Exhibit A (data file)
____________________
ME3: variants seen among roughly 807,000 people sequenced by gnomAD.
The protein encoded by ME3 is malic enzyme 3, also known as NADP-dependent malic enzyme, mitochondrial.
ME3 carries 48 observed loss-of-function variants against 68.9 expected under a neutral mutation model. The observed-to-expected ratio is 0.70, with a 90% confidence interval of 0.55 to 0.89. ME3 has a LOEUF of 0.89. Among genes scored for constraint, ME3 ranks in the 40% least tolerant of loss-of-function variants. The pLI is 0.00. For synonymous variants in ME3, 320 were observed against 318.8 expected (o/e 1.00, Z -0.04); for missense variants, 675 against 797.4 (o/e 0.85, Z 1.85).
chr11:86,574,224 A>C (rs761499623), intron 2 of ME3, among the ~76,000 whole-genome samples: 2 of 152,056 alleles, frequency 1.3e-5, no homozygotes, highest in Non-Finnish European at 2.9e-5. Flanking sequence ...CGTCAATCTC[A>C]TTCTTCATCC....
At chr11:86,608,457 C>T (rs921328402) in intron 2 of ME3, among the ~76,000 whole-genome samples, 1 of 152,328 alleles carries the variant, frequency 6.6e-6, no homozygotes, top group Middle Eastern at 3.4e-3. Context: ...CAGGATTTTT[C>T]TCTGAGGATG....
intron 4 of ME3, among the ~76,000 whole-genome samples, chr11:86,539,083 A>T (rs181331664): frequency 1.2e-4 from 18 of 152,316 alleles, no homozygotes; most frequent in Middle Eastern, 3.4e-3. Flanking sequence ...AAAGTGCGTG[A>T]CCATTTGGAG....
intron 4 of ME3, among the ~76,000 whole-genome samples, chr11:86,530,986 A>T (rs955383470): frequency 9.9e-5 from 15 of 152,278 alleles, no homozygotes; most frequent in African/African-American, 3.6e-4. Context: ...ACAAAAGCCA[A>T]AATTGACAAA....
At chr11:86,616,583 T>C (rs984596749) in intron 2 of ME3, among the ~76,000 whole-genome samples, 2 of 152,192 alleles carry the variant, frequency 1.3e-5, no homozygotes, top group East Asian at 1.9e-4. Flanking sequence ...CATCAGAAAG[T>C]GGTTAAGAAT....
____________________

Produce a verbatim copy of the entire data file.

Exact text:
ME3: variants seen among roughly 807,000 people sequenced by gnomAD.
The protein encoded by ME3 is malic enzyme 3, also known as NADP-dependent malic enzyme, mitochondrial.
ME3 carries 48 observed loss-of-function variants against 68.9 expected under a neutral mutation model. The observed-to-expected ratio is 0.70, with a 90% confidence interval of 0.55 to 0.89. ME3 has a LOEUF of 0.89. Among genes scored for constraint, ME3 ranks in the 40% least tolerant of loss-of-function variants. The pLI is 0.00. For synonymous variants in ME3, 320 were observed against 318.8 expected (o/e 1.00, Z -0.04); for missense variants, 675 against 797.4 (o/e 0.85, Z 1.85).
chr11:86,574,224 A>C (rs761499623), intron 2 of ME3, among the ~76,000 whole-genome samples: 2 of 152,056 alleles, frequency 1.3e-5, no homozygotes, highest in Non-Finnish European at 2.9e-5. Flanking sequence ...CGTCAATCTC[A>C]TTCTTCATCC....
At chr11:86,608,457 C>T (rs921328402) in intron 2 of ME3, among the ~76,000 whole-genome samples, 1 of 152,328 alleles carries the variant, frequency 6.6e-6, no homozygotes, top group Middle Eastern at 3.4e-3. Context: ...CAGGATTTTT[C>T]TCTGAGGATG....
intron 4 of ME3, among the ~76,000 whole-genome samples, chr11:86,539,083 A>T (rs181331664): frequency 1.2e-4 from 18 of 152,316 alleles, no homozygotes; most frequent in Middle Eastern, 3.4e-3. Flanking sequence ...AAAGTGCGTG[A>T]CCATTTGGAG....
intron 4 of ME3, among the ~76,000 whole-genome samples, chr11:86,530,986 A>T (rs955383470): frequency 9.9e-5 from 15 of 152,278 alleles, no homozygotes; most frequent in African/African-American, 3.6e-4. Context: ...ACAAAAGCCA[A>T]AATTGACAAA....
At chr11:86,616,583 T>C (rs984596749) in intron 2 of ME3, among the ~76,000 whole-genome samples, 2 of 152,192 alleles carry the variant, frequency 1.3e-5, no homozygotes, top group East Asian at 1.9e-4. Flanking sequence ...CATCAGAAAG[T>C]GGTTAAGAAT....